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Fire Keeps Idahoans From Favorite Summer Getaway Spot

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Fire Keeps Idahoans From Favorite Summer Getaway Spot

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Fire Keeps Idahoans From Favorite Summer Getaway Spot

Fire Keeps Idahoans From Favorite Summer Getaway Spot

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  • <iframe src="https://www.npr.org/player/embed/160010151/160010174" width="100%" height="290" frameborder="0" scrolling="no" title="NPR embedded audio player">

A cold front moving through the Northwest is expected to do more harm than good for fire crews battling massive blazes in southern Idaho. Forecasters predict very low humidity on top of winds that could reach 30 miles per hour.

The gusts have already started blowing embers over Featherville, Idaho. Crews there are defending the resort town from the 109,000-acre Trinity Ridge Fire.

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Fire crews work a burnout near Featherville, Idaho, on Aug. 22. Photo courtesy of Boise National Forest hide caption

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The smoke has created a haze over the region. Angel Alt is a barista at Timber Creek Espresso, a popular coffee kiosk in Mountain Home, Idaho. It’s south of the fire.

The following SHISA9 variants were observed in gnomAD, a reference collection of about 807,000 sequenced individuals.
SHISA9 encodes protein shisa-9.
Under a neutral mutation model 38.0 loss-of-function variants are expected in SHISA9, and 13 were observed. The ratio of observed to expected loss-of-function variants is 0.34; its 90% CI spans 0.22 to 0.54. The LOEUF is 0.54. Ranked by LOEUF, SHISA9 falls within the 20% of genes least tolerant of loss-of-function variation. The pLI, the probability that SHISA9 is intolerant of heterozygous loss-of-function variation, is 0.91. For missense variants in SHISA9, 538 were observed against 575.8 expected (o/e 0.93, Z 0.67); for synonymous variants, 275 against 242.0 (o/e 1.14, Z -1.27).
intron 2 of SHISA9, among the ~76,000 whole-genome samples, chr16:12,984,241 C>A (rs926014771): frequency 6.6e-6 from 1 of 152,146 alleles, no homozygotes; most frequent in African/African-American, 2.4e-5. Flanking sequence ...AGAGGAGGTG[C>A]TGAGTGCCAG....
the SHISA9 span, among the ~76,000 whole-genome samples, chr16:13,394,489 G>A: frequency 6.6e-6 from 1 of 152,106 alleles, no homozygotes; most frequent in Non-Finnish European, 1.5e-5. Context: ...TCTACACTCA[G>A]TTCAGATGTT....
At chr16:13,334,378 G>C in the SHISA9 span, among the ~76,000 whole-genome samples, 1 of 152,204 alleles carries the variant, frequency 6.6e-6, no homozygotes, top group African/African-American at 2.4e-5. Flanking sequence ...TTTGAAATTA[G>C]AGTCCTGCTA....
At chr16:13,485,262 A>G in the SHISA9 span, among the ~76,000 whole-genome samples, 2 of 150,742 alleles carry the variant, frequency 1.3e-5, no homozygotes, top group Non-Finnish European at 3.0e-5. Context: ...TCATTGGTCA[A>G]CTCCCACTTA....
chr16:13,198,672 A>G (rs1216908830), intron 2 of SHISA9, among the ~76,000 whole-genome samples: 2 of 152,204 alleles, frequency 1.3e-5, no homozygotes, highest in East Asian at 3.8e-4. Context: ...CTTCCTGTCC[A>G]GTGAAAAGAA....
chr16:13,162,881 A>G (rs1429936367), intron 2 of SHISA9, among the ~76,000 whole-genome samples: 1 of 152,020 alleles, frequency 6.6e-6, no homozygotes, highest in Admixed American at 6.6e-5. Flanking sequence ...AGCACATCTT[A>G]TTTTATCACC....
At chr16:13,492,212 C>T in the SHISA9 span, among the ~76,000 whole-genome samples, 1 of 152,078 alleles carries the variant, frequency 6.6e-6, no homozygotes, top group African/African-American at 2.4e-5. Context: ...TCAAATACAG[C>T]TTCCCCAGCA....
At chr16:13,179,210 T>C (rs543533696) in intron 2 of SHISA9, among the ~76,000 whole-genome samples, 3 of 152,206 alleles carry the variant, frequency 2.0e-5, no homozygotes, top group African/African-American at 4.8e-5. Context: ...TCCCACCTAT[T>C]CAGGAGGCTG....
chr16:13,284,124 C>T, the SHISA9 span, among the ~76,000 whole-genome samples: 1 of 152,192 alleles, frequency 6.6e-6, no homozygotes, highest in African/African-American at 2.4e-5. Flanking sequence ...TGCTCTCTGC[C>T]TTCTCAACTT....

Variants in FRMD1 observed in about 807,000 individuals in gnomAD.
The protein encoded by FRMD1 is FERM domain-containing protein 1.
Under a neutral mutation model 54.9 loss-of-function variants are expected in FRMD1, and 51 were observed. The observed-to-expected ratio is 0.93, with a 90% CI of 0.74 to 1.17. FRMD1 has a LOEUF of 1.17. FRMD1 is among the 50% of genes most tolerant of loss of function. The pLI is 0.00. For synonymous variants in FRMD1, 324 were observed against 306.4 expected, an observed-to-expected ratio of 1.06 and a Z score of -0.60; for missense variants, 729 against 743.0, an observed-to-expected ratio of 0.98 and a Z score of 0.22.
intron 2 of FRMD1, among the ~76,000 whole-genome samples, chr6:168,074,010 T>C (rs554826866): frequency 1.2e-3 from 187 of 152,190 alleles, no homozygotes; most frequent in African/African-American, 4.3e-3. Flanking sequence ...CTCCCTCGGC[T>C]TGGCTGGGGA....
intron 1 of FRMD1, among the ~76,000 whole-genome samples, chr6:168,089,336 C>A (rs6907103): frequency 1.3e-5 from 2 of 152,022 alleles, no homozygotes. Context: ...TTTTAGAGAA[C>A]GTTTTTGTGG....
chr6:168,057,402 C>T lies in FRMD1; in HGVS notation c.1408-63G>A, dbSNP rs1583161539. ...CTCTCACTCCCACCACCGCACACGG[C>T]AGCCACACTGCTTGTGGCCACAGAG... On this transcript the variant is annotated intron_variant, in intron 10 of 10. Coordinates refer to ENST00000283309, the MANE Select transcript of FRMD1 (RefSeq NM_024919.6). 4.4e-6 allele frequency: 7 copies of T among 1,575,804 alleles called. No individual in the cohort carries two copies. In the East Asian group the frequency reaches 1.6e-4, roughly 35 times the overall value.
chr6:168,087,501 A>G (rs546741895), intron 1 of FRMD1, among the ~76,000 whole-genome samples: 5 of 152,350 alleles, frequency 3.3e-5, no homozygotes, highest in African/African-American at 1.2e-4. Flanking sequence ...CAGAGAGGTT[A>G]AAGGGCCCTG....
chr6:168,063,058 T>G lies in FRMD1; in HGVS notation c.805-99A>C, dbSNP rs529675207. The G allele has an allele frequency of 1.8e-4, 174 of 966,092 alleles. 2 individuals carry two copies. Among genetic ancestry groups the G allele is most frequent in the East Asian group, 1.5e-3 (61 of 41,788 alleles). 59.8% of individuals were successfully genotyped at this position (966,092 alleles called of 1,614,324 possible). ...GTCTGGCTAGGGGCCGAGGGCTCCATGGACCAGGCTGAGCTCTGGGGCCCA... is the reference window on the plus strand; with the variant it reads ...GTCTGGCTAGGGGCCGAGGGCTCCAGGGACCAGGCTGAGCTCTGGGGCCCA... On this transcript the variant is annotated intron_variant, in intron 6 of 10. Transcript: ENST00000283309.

“Everybody is talking. How’s it going, how are people doing," Alt says. "Because for Mountain Home, that’s our recreational area. We would go to Pine and Featherville because that’s where all the beautiful trees are and the water. And not only that but with people not being able to drive up there, that’s affected a lot of outside people from driving through our town with of course is naturally going to affect businesses.”

Residents of far northern California are also suffering from the fallout of wildfires. Eighty-four homes have been consumed in the Ponderosa Fire, making that region the nation’s No. 1 priority for fire resources.

On the Web:

Trinity Ridge Fire updates:

http://inciweb.org/incident/3088/

Images from NASA satellites show the flames of Northwest fires burning as brightly as the lights of major cities:

http://www.nasa.gov/mission_pages/fires/main/usa/20120820-nightfires.html

Copyright 2012 Northwest News Network

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